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Verifying Android QoS

Goal: Set up Video and Best Effort QoS connections and verify results.

In this example, LANforge-FIRE is used to set up two connections, one running video QoS traffic, the other with Best Effort QoS traffic. The latency and drops will be compared and wireshark will be used to verify QoS information.
 
  1. Connect the Android device to a LANforge system. You can use the cookbook here for tips: Running UDP Traffic with Android

  2. Create two connections between the Android device and a LANforge port. One for Best Effort QoS traffic, one for Video QoS traffic.

    1. Creating a Best Effort UDP connection. screenshot

      1. Set a name for the connection (android-udp-ul-be-100k) in this case.

      2. Select your ports. In this case the connection is between the Android (wlan0) and a bridge (br0).

      3. Set Min Tx Rate on Endpoint A to DOCSIS 1 (30 Mbps).

      4. Set Min Tx Rate on Endpoint B to New Modem (56 Kbps).

      5. Make sure IP ToS on both endpoints is set to Best Effort.

      6. Set Pkts to Send to 100000 on Endpoint A. Note: Because Android is being managed in-band, this limit should prevent losing management frames that could contain reporting data.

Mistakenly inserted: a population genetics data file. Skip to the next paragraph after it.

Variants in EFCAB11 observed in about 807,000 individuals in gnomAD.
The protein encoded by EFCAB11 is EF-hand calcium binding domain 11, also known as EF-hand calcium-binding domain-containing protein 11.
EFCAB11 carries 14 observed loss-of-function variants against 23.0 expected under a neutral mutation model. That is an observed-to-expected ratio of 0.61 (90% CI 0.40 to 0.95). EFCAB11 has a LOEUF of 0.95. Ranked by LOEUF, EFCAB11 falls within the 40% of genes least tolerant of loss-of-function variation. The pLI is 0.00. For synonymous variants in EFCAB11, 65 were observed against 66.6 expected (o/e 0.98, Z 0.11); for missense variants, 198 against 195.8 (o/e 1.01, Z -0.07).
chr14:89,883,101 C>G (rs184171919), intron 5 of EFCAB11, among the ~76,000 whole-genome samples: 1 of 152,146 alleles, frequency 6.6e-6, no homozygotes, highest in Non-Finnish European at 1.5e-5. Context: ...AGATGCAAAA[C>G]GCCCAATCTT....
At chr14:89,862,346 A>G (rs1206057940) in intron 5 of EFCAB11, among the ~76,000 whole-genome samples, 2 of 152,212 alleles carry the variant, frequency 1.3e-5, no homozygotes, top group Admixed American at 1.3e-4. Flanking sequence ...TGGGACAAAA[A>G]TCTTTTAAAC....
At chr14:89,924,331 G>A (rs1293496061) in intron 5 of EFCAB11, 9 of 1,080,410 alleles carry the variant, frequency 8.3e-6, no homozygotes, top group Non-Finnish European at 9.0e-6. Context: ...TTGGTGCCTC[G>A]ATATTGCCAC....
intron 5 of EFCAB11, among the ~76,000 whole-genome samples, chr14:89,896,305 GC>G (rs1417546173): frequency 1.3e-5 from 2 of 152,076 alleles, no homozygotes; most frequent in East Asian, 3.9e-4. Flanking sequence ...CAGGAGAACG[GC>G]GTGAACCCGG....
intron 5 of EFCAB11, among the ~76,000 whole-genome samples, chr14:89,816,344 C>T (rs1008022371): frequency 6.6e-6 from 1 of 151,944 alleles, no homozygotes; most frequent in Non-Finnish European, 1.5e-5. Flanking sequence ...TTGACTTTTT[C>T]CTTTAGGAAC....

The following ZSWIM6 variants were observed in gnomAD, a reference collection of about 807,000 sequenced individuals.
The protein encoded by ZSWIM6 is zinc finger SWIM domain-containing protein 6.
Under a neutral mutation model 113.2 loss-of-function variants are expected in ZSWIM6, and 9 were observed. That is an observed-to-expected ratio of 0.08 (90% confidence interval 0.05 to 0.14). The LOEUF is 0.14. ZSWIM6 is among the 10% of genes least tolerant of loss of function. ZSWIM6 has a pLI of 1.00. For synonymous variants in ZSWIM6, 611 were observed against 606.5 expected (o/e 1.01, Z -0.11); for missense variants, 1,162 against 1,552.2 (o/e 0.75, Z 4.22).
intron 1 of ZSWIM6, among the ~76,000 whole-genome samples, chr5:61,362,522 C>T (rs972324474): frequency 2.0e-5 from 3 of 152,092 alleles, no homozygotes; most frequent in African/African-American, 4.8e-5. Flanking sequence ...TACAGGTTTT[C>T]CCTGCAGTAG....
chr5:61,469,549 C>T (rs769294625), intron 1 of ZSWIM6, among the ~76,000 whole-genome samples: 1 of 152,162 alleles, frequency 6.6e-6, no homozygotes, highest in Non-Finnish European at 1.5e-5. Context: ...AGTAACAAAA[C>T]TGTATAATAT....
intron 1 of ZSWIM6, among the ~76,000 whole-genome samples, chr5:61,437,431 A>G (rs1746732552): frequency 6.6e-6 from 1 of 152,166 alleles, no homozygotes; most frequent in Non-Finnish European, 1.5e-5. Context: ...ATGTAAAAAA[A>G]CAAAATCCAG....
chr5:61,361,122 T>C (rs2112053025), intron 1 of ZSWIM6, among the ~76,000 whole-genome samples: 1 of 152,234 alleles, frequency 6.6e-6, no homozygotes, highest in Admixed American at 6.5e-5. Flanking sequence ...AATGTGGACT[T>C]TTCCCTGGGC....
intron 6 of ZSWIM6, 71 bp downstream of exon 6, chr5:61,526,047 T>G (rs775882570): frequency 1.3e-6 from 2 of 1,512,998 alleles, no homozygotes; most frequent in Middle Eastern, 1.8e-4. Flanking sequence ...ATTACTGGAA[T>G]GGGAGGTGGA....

7. Set Min IP Port to 7777 on Endpoint A. A custom port is used to help identify the connection type in wireshark.

      8. Set Multi-Conn to 1 for both endpoints. This is so each endpoint is running on its own process.

    2. Creating a UDP connection with video QoS traffic. screenshot

      1. Set a name for the connection (android-udp-ul-vi-100k) in this case.

      2. Select your ports. In this case the connection is between the Android (wlan0) and a bridge (br0).

      3. Set Min Tx Rate on Endpoint A to DOCSIS 1 (30 Mbps).

      4. Set Min Tx Rate on Endpoint B to New Modem (56 Kbps).

      5. Set IP ToS on Endpoint A to VI (WiFi).

      6. Set Pkts to Send to 100000 on Endpoint A. Note: Because Android is being managed in-band, this limit should prevent losing management frames that could contain reporting data.

      7. Set Min IP Port to 7778 on Endpoint A. A custom port is used to help identify the connection type in wireshark.

      8. Set Multi-Conn to 1 for both endpoints. This is so each endpoint is running on its own process.

  3. Compare latency and drops. screenshot

    1. The latency can be found under the Delay column.

    2. The drops can be found under Dropped column.

    3. If QoS is working properly, you should see less delay (latency) and less drops for connections using VI (WiFi) IP ToS. The delay can be more easily compared if you add endpoint A and B of each connection. As should be expected, the results above show that the particular device is dropping significantly less packets for the connection with video QoS traffic. Because there is a small amount of latency, a major difference isn't shown here.

  4. Verify QoS type with wireshark. This is where our custom port setting is helpful.

    1. The packets on port 7777 should show Best Effort. screenshot

    2. The packets on port 7778 should show Video. screenshot


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